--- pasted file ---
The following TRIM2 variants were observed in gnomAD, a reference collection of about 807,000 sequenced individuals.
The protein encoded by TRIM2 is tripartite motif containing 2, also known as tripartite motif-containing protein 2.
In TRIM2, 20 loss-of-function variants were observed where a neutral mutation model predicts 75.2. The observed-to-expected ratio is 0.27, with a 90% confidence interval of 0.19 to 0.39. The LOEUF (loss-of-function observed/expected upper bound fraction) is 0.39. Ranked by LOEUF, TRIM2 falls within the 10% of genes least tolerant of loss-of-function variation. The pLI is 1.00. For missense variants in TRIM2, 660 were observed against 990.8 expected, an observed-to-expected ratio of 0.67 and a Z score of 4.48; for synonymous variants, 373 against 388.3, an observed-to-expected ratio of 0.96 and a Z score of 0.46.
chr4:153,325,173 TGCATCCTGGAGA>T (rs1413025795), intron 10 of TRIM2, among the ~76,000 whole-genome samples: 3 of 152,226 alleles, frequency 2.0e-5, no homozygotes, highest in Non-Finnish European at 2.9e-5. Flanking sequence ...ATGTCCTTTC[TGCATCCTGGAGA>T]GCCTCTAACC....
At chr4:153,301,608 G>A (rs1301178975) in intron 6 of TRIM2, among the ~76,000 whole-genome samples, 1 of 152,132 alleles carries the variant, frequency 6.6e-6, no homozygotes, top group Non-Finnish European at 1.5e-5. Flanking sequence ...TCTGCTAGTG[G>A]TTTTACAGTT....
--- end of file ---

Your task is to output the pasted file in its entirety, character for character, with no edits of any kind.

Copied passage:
The following TRIM2 variants were observed in gnomAD, a reference collection of about 807,000 sequenced individuals.
The protein encoded by TRIM2 is tripartite motif containing 2, also known as tripartite motif-containing protein 2.
In TRIM2, 20 loss-of-function variants were observed where a neutral mutation model predicts 75.2. The observed-to-expected ratio is 0.27, with a 90% confidence interval of 0.19 to 0.39. The LOEUF (loss-of-function observed/expected upper bound fraction) is 0.39. Ranked by LOEUF, TRIM2 falls within the 10% of genes least tolerant of loss-of-function variation. The pLI is 1.00. For missense variants in TRIM2, 660 were observed against 990.8 expected, an observed-to-expected ratio of 0.67 and a Z score of 4.48; for synonymous variants, 373 against 388.3, an observed-to-expected ratio of 0.96 and a Z score of 0.46.
chr4:153,325,173 TGCATCCTGGAGA>T (rs1413025795), intron 10 of TRIM2, among the ~76,000 whole-genome samples: 3 of 152,226 alleles, frequency 2.0e-5, no homozygotes, highest in Non-Finnish European at 2.9e-5. Flanking sequence ...ATGTCCTTTC[TGCATCCTGGAGA>T]GCCTCTAACC....
At chr4:153,301,608 G>A (rs1301178975) in intron 6 of TRIM2, among the ~76,000 whole-genome samples, 1 of 152,132 alleles carries the variant, frequency 6.6e-6, no homozygotes, top group Non-Finnish European at 1.5e-5. Flanking sequence ...TCTGCTAGTG[G>A]TTTTACAGTT....